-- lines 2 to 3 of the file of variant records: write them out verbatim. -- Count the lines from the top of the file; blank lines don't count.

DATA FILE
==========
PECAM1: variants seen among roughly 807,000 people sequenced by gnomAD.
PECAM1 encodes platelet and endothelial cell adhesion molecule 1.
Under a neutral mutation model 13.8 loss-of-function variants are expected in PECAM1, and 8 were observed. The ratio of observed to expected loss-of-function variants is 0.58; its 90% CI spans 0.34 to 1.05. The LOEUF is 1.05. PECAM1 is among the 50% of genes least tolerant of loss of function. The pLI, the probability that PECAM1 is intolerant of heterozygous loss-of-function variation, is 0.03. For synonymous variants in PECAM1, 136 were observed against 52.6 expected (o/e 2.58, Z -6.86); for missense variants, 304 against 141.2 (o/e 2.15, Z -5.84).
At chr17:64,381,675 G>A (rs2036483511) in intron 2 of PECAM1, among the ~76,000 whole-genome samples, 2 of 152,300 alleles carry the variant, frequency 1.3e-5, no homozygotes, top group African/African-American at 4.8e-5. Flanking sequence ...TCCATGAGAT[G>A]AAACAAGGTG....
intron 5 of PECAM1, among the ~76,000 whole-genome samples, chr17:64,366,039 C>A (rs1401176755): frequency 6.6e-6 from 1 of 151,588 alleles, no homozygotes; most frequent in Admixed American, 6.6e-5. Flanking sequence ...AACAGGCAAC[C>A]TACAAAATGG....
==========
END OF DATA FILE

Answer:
PECAM1 encodes platelet and endothelial cell adhesion molecule 1.
Under a neutral mutation model 13.8 loss-of-function variants are expected in PECAM1, and 8 were observed. The ratio of observed to expected loss-of-function variants is 0.58; its 90% CI spans 0.34 to 1.05. The LOEUF is 1.05. PECAM1 is among the 50% of genes least tolerant of loss of function. The pLI, the probability that PECAM1 is intolerant of heterozygous loss-of-function variation, is 0.03. For synonymous variants in PECAM1, 136 were observed against 52.6 expected (o/e 2.58, Z -6.86); for missense variants, 304 against 141.2 (o/e 2.15, Z -5.84).